Additionally, social security numbers are explicitly confidential pursuant to N.C. Gen. Stat. § 132-1.10. Section 132-1.10(b)(5) generally prohibits releasing social security numbers with some key exceptions. For example, subsection (c)(1) indicates that social security numbers may be released “…to another governmental entity or its agents, employees, or contractors if disclosure is necessary for the receiving entity to perform its duties and responsibilities.” Under Title V, Section 533 of the Consolidated Appropriations Act and Subtitle K, Section 2912 of the American Rescue Plan Act, DHHS is responsible for the administration of LIHWAP and has a legal duty to make LIHWAP grants available to the states. See P.L. 116-260, Title V, Sec. 533; P.L. 117-2, Subtitle K, Sec. 2912. Social security numbers are potentially necessary for DHHS to carry out these duties in order to facilitate effective identity verification for payments. The success of this argument is difficult to predict, but tying the release of social security numbers to specific statutory responsibilities and duties may be helpful to successfully assert this exception.

Even without an exception, however, the statute gives some indication that local governments may permissibly release social security numbers to DHHS as another governmental agency. Section 132-1.10(b)(5) specifically prohibits release to “the general public”, prompting the question, are local or state government agencies “the general public”?

As is clearly the theme with this post, our courts have not explicitly answered that question. However, Section 132-1.10(a)(3) states that governments should minimize the dissemination of social security numbers “either internally within government or externally with the general public.” The plain language of this subsection distinguishes between the government and the general public and denotes two separate categories of disclosure – one within government and one to the general public. As a result, the statutory language provides some support that releasing social security numbers to another government agency does not constitute a release to the general public.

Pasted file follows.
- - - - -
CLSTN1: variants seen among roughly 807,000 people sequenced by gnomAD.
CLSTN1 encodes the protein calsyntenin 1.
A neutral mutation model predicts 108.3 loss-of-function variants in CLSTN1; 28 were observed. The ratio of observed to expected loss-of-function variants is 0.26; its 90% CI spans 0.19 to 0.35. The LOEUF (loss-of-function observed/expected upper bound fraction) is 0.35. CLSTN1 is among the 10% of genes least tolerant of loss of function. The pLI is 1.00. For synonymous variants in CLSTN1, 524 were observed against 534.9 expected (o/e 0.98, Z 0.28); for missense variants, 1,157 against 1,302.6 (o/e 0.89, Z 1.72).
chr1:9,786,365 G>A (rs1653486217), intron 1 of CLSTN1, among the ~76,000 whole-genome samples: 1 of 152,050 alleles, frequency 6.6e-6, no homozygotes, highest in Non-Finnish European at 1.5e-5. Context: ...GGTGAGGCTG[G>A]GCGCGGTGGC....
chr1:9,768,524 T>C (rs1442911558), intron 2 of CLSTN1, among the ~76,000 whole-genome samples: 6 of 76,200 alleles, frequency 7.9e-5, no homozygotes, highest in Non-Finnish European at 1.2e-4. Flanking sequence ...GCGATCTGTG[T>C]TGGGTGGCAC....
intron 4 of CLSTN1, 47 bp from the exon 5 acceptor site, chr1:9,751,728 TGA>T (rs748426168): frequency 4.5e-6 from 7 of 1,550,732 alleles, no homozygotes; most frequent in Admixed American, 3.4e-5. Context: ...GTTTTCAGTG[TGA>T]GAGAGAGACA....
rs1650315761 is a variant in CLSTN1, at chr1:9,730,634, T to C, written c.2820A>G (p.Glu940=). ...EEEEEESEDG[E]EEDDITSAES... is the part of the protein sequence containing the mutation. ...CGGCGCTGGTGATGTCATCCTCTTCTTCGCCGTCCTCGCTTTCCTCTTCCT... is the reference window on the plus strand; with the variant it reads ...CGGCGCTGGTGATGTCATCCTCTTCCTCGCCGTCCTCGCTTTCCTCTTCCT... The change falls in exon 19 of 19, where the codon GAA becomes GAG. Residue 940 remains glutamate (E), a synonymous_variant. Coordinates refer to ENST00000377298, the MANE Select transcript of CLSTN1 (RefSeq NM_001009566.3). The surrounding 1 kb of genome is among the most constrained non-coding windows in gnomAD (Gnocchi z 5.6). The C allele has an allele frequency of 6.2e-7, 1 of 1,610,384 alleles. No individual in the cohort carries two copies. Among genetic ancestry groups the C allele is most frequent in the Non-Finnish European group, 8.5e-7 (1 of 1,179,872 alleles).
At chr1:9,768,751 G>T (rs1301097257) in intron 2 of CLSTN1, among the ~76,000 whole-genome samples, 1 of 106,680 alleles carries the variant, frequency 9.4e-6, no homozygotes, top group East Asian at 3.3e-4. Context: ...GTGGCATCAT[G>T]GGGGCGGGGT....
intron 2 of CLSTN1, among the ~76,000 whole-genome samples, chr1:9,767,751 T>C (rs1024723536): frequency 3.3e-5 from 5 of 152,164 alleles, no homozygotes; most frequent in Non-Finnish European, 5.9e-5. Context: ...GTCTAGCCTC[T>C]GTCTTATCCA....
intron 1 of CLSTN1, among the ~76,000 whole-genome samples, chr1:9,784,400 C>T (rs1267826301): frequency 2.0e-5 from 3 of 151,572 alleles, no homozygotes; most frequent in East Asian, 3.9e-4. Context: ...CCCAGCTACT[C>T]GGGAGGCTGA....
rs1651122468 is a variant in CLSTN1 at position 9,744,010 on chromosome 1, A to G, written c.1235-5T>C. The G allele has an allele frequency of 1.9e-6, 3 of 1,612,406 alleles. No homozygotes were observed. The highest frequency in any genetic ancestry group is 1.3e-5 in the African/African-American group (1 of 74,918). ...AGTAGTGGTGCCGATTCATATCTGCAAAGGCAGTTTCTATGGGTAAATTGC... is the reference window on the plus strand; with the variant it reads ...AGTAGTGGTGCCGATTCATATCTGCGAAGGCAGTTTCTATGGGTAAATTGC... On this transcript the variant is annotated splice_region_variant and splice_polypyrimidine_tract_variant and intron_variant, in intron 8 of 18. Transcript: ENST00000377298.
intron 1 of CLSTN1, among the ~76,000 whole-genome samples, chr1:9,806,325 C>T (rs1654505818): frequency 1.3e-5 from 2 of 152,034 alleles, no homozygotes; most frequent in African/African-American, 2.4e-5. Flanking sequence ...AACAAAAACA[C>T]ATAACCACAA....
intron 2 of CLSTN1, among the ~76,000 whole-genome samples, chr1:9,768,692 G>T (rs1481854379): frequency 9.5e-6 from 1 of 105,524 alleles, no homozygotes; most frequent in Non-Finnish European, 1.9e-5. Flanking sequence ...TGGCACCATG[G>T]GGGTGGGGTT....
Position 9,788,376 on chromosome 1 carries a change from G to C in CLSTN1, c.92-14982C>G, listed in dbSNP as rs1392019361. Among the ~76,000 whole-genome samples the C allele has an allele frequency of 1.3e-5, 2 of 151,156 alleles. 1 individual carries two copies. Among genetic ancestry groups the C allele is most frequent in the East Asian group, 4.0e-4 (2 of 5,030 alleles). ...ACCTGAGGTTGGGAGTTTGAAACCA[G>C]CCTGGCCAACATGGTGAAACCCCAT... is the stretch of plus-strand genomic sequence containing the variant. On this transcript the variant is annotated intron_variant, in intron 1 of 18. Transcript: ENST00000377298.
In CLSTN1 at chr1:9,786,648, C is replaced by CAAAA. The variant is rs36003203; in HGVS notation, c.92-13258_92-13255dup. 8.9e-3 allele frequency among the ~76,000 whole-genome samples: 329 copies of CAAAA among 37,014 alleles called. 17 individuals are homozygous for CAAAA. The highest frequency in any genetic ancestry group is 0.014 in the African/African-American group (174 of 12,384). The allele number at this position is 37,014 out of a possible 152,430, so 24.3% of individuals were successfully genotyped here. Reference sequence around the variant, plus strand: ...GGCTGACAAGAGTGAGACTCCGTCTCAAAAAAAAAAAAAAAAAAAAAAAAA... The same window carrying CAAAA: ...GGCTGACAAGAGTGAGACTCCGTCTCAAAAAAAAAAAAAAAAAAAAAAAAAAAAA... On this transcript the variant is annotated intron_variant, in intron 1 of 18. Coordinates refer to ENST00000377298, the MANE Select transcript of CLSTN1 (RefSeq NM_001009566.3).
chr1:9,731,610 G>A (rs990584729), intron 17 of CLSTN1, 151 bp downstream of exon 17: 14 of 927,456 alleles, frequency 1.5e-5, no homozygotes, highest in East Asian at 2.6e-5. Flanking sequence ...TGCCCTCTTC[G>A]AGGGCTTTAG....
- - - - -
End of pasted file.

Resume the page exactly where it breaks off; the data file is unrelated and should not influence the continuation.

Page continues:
Can Data Sharing Agreements Help with Releasing Social Security Numbers?

Data sharing agreements help to ensure that confidential information remains protected. Some statutes that exclude information from the definition of a public record or make information confidential specifically allow for or even require data sharing agreements to facilitate disclosure. (See N.C. Gen. Stat. § 115C-402.5(b)(2)(a)(4) and N.C. Gen. Stat. § 147-86.73(i) for examples). Here, however, there is no such statutory allowance for data sharing agreements. Consequently, while data sharing agreements may be useful to ensure the confidentiality of this information after disclosure, it is not clear under the statute that the agreements can change the nature of the information to allow for its release.

How Can Local Governments Proceed?

Since public utilities can release residents’ names, addresses, and utility account numbers and balances even without residents’ consent, the main roadblock to LIHWAP participation is the disclosure of residents’ social security numbers. One alternative approach would be to allow local governments to verify residents’ identities themselves. This process might entail a greater administrative burden for local governments, but it would also eliminate any confidentiality issues. Local governments could also seek individuals’ permission to release their social security numbers. Written consent from residents allows for release under both federal and state law.

Without written consent, social security numbers are likely confidential, but an exception may apply, and releases to other governmental agencies may be permitted under the statute. While there does not appear to be statutory authority for releasing social security numbers using a data sharing agreement, such agreements might still be helpful to protect local governments. Data sharing agreements should likely specify why social security numbers are necessary for DHHS to perform its legal duties and responsibilities. The agreements should also cite to the specific statutory duties and responsibilities prompting the need for individuals’ social security numbers. These contractual assurances may bolster local governments’ arguments for the Section 132-1.10(c)(1) exception.